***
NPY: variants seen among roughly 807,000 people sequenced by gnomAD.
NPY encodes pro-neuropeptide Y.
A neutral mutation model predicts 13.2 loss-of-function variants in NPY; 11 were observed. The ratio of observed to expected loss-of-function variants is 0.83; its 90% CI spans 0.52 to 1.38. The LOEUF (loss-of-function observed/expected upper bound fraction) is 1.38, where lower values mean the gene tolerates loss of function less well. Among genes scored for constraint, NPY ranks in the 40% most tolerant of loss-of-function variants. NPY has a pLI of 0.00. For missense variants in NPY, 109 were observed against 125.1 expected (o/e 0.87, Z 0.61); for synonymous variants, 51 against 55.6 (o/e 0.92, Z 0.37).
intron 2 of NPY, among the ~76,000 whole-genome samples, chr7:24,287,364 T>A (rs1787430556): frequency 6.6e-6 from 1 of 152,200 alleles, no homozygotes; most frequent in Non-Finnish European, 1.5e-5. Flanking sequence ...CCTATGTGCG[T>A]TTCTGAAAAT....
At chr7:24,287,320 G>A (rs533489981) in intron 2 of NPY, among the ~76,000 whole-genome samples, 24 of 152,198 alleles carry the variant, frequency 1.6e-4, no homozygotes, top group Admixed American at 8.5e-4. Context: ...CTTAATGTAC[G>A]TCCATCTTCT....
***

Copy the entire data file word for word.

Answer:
NPY: variants seen among roughly 807,000 people sequenced by gnomAD.
NPY encodes pro-neuropeptide Y.
A neutral mutation model predicts 13.2 loss-of-function variants in NPY; 11 were observed. The ratio of observed to expected loss-of-function variants is 0.83; its 90% CI spans 0.52 to 1.38. The LOEUF (loss-of-function observed/expected upper bound fraction) is 1.38, where lower values mean the gene tolerates loss of function less well. Among genes scored for constraint, NPY ranks in the 40% most tolerant of loss-of-function variants. NPY has a pLI of 0.00. For missense variants in NPY, 109 were observed against 125.1 expected (o/e 0.87, Z 0.61); for synonymous variants, 51 against 55.6 (o/e 0.92, Z 0.37).
intron 2 of NPY, among the ~76,000 whole-genome samples, chr7:24,287,364 T>A (rs1787430556): frequency 6.6e-6 from 1 of 152,200 alleles, no homozygotes; most frequent in Non-Finnish European, 1.5e-5. Flanking sequence ...CCTATGTGCG[T>A]TTCTGAAAAT....
At chr7:24,287,320 G>A (rs533489981) in intron 2 of NPY, among the ~76,000 whole-genome samples, 24 of 152,198 alleles carry the variant, frequency 1.6e-4, no homozygotes, top group Admixed American at 8.5e-4. Context: ...CTTAATGTAC[G>A]TCCATCTTCT....